I have been playing music for the good part of 20 years. When I was a teenager in my first band, I could not imagine getting paid millions upon millions of dollars just to play drums. Someone was willing to pay someone like me to sit behind my kit and play music all day? An absolute dream. I love playing the drums so much. I have been willing to spend countless hours in dank rehearsal rooms, stuffy recording studios and empty venues for the sheer pleasure of writing and performing music. My compensation? Gas money and a few free beers. Also, and most importantly, the extreme satisfaction of being able to exhibit my craft to others around the world, something lots of people are completely envious of.  I could never put a price on that.

Before I would spend my days imagining opening up for U2 at a sold out Spectrum, my plans were centered around my skills in the outfield and how they would benefit the Phillies. Almost immediately, I realized there wasn’t going to be a snowball’s chance in hell that was going to happen. Still, that didn’t stop me going out on the field, wearing nasty polyester uniforms in stifling heat for teams that lost by a couple touchdowns, shagging fly ball after fly ball, and barely hitting over .200. Why? I adored it. It’s a glorious game that still continues to bring me incredible satisfaction. And like the drums, I could not imagine being so incredible at your craft that someone would be willing to lay out a significant amount of money for your talents.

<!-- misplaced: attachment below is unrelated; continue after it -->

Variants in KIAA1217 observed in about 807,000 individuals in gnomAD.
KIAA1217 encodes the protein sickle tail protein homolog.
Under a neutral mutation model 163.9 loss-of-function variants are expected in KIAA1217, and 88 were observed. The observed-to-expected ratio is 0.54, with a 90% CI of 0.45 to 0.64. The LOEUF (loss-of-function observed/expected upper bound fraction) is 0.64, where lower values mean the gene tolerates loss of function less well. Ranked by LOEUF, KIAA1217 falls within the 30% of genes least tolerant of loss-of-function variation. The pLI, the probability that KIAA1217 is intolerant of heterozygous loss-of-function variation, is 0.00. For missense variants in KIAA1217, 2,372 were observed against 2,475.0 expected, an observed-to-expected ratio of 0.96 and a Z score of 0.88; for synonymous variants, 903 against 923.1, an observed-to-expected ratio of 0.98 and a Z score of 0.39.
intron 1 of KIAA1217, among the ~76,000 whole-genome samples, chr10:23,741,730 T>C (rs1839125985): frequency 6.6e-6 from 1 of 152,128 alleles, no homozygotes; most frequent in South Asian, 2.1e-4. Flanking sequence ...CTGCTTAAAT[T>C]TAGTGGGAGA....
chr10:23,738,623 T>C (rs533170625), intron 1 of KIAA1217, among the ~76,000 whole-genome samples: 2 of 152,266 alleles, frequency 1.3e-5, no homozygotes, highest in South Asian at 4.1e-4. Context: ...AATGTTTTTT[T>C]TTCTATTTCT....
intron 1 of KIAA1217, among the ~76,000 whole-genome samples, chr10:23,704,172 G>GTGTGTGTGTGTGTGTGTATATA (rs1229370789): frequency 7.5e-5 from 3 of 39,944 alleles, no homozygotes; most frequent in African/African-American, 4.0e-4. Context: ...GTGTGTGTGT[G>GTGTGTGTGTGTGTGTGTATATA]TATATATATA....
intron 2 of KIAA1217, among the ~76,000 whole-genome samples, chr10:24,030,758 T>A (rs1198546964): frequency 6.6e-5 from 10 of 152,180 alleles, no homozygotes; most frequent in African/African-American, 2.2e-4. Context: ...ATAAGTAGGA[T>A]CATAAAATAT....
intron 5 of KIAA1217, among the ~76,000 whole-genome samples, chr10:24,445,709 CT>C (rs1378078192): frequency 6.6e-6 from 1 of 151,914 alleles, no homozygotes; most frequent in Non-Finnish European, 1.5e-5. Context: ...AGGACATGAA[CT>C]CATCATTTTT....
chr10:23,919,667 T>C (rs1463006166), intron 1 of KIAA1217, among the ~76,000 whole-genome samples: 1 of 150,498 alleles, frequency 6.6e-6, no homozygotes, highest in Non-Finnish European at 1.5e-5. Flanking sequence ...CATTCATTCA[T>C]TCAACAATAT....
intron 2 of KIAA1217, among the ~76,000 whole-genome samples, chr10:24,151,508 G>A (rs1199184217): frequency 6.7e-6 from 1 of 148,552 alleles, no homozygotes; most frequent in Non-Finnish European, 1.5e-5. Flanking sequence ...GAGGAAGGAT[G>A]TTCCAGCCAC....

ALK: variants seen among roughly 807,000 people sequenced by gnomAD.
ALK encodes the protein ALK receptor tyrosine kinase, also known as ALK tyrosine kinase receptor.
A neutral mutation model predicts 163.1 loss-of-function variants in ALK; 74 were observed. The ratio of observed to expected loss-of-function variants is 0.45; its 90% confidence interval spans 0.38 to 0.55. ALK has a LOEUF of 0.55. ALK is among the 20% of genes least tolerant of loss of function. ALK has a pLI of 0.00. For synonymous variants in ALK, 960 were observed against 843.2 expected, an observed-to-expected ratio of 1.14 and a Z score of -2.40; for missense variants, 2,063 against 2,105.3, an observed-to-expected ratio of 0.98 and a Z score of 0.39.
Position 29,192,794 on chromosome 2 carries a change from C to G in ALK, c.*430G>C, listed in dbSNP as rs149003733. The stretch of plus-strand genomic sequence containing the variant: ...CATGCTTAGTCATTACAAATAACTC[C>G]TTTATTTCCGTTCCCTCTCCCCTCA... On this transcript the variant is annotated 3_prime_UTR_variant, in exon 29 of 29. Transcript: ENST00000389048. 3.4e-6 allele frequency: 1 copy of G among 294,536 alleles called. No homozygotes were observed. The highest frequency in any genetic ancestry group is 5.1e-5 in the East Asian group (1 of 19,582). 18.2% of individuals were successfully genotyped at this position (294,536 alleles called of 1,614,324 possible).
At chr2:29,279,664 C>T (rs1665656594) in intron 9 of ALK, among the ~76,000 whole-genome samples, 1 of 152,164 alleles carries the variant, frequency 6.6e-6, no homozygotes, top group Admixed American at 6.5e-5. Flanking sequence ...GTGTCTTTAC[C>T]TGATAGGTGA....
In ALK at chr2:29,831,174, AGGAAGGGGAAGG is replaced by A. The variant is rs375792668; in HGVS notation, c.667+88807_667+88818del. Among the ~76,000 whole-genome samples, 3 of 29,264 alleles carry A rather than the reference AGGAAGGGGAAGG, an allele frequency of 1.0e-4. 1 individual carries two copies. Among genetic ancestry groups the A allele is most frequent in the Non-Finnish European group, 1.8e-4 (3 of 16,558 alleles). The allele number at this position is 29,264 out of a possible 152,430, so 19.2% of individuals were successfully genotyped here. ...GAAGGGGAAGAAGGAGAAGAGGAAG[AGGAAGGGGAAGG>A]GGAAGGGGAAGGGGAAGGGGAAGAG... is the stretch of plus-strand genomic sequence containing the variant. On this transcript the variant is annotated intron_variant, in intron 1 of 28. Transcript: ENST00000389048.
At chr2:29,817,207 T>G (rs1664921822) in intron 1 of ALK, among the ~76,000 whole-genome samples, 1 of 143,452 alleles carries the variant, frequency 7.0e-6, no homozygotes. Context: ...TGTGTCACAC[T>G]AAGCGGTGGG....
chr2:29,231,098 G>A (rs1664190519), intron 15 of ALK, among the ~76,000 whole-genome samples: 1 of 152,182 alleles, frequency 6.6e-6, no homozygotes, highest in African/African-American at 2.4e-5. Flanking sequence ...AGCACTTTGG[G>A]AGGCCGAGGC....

The minimum salary imposed by the Major League Baseball Player’s Association is $400,000 a year. Four hundred thousand dollars… to play baseball. Four hundred thousand dollars to travel the country and play a child’s game in front of tens of thousands of fans every single night. Where do I sign up? Hell, you could give me minimum wage and I’ll still be first in line to enroll.

In 2010, Phillies rightfielder Jayson Werth earned $7.5 million. In his four years with the club, he earned just over $12 million. In those four years, he also went to the postseason four times, twice to the World Series, and once, able to call himself a World Champion. He was an all-star on and off the field. He was THE rock star of the Phillies. Women loved him and guys wanted to be him. This off-season saw Werth become a free agent, and with his exemplary play, was due to earn a new and healthier contract. A lot of teams were very interested in his services, including the Phillies who wanted him to return. The Phillies were most likely not able to dole out the amount of money some other clubs could, but with the extremely positive state of the Phillies as it currently stands, one would think that any reasonably compensating contract would be completely satisfactory.

But, as any baseball fan knows, this scenario usually does not come out on the right side for a club like the Phillies, no matter who they are. Today was no different.